Yet because the Sonics' departure was played out in backrooms rather than on cable TV, the Thunder are the sentimental favorite in the Finals, while the Heat are the despicable foils. The majority of fans seem to sympathize with Cleveland against James, rather than with the millions of Sonics fans against Bennett.

Adam Richter, a diehard Sonics fan who was a member of a comedy troupe in Seattle and is now a journalist in Pennsylvania, still wears an old Sonics T-shirt on weekends. The ultimate villain for him remains NBA commissioner David Stern, whom Richter felt was complicit in and even helped facilitate some of Bennett's bolder moves. The sting is unlikely to wear off as long as Seattle remains without a team.

"One big difference is that Minnesota and New Orleans got teams again," Richter wrote in response to a question about his thoughts on the Thunder in the Finals. "Even Cleveland wasn't Browns-less for long. Seattle is still without the only men's pro team that ever won the city a championship."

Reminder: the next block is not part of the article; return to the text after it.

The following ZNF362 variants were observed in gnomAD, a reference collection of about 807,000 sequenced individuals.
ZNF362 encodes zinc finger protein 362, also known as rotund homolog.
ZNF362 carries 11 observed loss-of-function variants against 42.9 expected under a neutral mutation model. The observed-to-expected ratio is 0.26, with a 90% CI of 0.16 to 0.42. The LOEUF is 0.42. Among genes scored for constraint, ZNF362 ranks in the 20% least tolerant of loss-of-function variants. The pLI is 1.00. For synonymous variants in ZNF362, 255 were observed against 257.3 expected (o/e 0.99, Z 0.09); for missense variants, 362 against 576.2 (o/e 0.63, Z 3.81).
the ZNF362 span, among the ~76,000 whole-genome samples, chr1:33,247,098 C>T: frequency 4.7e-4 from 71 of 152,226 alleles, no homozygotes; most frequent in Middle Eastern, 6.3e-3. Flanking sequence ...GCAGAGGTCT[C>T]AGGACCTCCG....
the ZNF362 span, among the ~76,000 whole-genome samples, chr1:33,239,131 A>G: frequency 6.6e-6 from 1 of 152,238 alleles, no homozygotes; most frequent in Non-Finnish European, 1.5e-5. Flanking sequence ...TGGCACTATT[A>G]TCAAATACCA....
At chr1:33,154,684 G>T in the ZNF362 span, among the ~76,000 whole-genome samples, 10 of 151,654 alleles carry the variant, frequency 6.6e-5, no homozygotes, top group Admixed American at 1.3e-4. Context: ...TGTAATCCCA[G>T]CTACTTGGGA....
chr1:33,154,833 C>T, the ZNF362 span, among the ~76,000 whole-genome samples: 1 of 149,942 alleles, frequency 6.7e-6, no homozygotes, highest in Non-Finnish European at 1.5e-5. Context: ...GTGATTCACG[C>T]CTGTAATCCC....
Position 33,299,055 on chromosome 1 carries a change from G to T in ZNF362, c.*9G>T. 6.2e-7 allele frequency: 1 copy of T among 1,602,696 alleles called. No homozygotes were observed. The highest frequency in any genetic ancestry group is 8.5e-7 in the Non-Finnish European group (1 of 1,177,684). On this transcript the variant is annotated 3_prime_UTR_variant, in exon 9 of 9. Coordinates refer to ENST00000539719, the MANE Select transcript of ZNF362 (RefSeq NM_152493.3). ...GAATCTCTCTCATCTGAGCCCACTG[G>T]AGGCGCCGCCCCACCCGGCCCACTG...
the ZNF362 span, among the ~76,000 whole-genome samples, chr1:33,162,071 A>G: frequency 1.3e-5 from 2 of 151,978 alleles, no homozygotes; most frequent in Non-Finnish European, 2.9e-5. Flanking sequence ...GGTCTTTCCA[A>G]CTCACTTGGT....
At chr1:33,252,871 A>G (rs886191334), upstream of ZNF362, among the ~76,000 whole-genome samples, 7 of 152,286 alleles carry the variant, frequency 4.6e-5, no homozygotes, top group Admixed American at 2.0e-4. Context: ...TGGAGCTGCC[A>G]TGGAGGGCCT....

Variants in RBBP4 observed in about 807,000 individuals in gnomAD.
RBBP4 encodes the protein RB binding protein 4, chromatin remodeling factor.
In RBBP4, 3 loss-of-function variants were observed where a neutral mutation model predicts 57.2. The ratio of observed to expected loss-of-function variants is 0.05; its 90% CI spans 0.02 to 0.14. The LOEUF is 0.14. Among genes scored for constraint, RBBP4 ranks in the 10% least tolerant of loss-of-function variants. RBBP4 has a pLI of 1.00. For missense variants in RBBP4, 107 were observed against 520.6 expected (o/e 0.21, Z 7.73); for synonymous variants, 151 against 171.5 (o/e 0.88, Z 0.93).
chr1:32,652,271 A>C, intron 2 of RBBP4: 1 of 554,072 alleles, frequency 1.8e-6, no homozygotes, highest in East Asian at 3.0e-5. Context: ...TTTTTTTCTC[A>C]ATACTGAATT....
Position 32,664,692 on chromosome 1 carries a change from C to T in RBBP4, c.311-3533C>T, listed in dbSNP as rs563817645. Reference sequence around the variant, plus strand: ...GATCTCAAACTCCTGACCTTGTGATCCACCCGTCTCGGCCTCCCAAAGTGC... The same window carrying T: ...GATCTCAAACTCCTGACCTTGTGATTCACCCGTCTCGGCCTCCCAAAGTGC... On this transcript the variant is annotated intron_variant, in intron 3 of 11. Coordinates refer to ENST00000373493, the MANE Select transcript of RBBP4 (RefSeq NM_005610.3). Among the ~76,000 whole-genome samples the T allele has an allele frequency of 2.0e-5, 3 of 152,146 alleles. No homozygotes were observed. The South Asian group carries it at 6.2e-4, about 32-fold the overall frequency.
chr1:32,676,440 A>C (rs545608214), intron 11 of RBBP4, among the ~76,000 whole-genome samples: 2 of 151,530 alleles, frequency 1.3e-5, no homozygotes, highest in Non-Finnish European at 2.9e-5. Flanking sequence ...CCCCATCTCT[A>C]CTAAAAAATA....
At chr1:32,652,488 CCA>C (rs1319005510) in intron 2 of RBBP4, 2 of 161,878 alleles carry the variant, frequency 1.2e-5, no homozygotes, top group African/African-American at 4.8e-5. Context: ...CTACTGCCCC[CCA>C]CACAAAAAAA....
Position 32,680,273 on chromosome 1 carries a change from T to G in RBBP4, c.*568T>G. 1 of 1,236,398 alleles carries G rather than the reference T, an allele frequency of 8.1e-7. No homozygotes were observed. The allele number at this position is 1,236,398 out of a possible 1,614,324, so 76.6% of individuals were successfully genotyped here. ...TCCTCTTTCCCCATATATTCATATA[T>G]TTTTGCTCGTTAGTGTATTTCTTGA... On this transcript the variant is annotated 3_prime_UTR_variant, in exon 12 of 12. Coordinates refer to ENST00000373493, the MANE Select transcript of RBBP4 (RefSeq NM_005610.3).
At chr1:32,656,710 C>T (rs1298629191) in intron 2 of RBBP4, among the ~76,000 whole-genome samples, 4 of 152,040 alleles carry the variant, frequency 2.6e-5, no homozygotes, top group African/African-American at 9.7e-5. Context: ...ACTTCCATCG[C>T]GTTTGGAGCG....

Talk with a Sonics fan long enough and the conversation usually comes back to that 1979 title team. Coach Lenny Wilkens led a team with Jack Sikma, Gus Williams and Dennis Johnson to consecutive NBA Finals, with the team beating the Baltimore Bullets and Johnson taking the series' Most Valuable Player award. Officially, that championship is now a part of Thunder lore, and if they beat the Heat in the Finals this year, the team will surely boast that it is the second title in franchise history.

The shared history has mired several Sonics greats of the past two decades, such as Shawn Kemp and Gary Payton, in limbo. For either player to have his jersey number retired, he would have to travel to Oklahoma City, a place with which neither man has any visceral connection.

If Oklahoma City fans want to cheer for their team, though, Rider will not begrudge them that. Chesapeake Energy Arena has quickly earned a reputation as one of the loudest in the NBA, and while Seattleites may get disgusted watching the Thunder, it is not because of their current fans.

"I don't think a lot of people have an issue with the Oklahoma City fans," Rider admitted. "When it first happened there were barbs thrown back and forth, calling them hillbillies and this and that, but it's the same thing as if a team came up here, I'd be excited. I don't think a lot of people, including myself, have an issue with them. I'm excited for them that they have a team.

"I just really hate that it's mine."

Five years ago, the consolation prize was Durant. This time, there is no consolation. If the Thunder win the title, Seattle gets nothing except the acrid memories of what it lost, and how it lost it.